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Why one Toronto city councillor wants to bring back the LGBT advisory council

‘I would much rather be proactive and have the discussions ongoing year-round,” Kristyn Wong-Tam says

Toronto Councillor Kristyn Wong-Tam announced her intention to bring back the LGBT advisory council at the annual City Hall Pride flag raising on May 31, 2017. Credit: Nick Lachance/Daily Xtra

Toronto Councillor Kristyn Wong-Tam wants to bring back the city’s LGBT advisory council.

Wong-Tam, Toronto’s only openly gay councillor, believes the move is essential to bring diverse LGBT voices to council.

“The challenge that we see here is that there is not full understanding of who this community is,” she says. “This is not a monolithic group; we are hyper-diverse.”

Wong-Tam announced her intention to bring forward the issue at the annual City Hall Pride flag raising on May 31, 2017.

“Sexual liberation and human-rights work needs to happen each and every single day, and not just when we come together once a year,” she said.

Wong-Tam says that the debate around Pride funding demonstrated the need for a greater understanding of LGBT issues at city council.

“What I would have gleaned from this entire sort of situation is that if we have ongoing dialogue, and if there’s a proper venue for the community to bring forth their concerns, we would be in a better place to respond,” she says.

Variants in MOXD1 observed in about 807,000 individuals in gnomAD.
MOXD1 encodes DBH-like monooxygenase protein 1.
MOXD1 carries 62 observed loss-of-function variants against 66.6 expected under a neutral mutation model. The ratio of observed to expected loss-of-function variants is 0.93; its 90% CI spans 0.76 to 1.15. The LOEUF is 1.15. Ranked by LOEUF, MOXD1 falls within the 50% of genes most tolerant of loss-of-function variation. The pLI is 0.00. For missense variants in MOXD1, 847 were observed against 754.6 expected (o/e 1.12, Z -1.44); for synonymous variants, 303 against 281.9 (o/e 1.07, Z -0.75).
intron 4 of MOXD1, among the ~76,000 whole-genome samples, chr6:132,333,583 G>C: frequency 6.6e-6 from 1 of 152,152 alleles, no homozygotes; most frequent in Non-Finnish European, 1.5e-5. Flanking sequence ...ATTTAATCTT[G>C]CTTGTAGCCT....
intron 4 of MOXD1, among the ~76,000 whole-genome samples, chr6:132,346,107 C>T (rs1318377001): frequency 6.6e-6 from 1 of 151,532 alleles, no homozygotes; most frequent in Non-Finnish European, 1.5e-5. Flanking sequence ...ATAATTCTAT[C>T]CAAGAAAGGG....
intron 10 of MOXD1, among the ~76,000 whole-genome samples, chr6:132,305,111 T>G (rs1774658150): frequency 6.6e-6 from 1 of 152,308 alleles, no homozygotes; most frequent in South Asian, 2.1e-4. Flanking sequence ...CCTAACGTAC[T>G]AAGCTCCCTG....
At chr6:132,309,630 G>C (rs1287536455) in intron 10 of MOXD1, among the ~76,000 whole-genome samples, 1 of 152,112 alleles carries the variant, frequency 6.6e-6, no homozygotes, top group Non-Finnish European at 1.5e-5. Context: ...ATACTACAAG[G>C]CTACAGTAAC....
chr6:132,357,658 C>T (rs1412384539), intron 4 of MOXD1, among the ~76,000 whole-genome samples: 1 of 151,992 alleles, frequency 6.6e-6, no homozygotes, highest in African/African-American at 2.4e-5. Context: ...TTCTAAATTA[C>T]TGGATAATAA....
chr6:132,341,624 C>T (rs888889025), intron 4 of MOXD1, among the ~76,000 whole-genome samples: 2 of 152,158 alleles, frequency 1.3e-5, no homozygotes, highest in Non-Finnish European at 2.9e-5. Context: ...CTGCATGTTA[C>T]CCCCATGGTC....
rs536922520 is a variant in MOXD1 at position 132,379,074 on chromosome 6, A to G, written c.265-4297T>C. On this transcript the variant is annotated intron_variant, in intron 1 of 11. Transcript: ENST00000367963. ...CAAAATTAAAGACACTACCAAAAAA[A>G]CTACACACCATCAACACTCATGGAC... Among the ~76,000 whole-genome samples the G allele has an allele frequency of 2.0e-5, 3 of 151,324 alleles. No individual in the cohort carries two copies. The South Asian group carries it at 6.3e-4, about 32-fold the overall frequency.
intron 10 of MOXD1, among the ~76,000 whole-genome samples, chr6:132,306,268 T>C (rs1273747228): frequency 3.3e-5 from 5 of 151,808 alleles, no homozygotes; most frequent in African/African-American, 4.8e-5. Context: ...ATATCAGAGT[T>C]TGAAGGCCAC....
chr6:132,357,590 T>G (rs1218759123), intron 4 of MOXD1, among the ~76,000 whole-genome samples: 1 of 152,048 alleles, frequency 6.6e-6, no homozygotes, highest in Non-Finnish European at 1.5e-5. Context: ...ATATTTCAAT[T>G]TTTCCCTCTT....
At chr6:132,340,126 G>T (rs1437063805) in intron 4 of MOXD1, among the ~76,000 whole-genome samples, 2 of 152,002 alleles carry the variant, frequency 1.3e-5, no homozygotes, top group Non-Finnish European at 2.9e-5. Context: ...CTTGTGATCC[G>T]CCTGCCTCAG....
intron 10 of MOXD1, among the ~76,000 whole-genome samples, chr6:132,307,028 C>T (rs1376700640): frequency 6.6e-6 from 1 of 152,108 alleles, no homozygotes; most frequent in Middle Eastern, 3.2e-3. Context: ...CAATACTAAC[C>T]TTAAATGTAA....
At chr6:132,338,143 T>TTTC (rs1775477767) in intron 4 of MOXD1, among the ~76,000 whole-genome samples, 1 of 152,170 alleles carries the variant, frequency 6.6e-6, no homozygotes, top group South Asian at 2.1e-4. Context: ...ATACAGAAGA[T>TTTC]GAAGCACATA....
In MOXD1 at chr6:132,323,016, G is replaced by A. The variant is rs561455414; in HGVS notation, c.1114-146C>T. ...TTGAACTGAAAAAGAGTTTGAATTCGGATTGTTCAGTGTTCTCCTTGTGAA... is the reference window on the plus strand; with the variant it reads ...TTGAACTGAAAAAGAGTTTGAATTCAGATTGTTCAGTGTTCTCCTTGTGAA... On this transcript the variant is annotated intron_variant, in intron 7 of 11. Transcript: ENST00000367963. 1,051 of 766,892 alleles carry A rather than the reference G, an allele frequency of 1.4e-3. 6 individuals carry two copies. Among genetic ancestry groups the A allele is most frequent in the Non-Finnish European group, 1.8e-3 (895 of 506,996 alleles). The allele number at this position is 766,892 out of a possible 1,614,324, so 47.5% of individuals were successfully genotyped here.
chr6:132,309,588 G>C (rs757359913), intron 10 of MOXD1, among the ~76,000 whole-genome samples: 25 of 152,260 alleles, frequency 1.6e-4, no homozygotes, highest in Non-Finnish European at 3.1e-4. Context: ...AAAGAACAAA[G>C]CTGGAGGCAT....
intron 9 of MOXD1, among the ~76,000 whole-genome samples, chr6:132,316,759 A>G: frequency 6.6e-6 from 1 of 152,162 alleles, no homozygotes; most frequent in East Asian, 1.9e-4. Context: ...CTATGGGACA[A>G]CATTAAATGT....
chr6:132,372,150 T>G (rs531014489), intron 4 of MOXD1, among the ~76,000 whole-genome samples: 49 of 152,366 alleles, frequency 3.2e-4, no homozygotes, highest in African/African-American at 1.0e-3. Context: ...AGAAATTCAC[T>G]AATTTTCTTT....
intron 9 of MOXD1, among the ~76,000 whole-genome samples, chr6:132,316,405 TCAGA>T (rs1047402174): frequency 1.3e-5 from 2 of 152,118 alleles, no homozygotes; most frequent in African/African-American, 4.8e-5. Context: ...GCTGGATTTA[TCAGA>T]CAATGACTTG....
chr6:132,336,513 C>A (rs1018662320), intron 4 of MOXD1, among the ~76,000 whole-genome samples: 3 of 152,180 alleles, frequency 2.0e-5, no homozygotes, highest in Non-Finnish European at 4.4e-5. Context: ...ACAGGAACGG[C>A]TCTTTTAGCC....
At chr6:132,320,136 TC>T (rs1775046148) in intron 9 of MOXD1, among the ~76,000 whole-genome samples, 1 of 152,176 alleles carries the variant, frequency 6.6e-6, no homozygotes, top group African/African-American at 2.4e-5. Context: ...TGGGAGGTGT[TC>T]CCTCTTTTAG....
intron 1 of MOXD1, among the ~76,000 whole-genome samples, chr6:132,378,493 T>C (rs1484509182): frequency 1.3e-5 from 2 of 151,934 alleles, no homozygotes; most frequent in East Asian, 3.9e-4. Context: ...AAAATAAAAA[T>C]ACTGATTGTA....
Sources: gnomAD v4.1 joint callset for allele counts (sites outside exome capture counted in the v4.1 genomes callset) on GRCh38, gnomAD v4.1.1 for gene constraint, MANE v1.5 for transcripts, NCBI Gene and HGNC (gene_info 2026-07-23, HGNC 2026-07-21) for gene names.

Toronto has operated without any sort of LGBT advisory council for over a decade. The community advisory committee on lesbian, gay, bisexual and transgender issues was created in 1999 and was chaired by Kyle Rae, Toronto’s first openly gay councillor. 

The committee’s mandate was eventually folded into the roundtable on access, equity and human rights, which hasn’t been active since 2006.

Wong-Tam hopes that an advisory committee would allow LGBT communities to have greater input on funding for public health programs, arts and cultural activities and economic development.

“I would much rather be proactive and have the discussions ongoing year-round as opposed to once a year during the symbolic and busy time of Pride, when we’re all pulled in many different directions,” she says.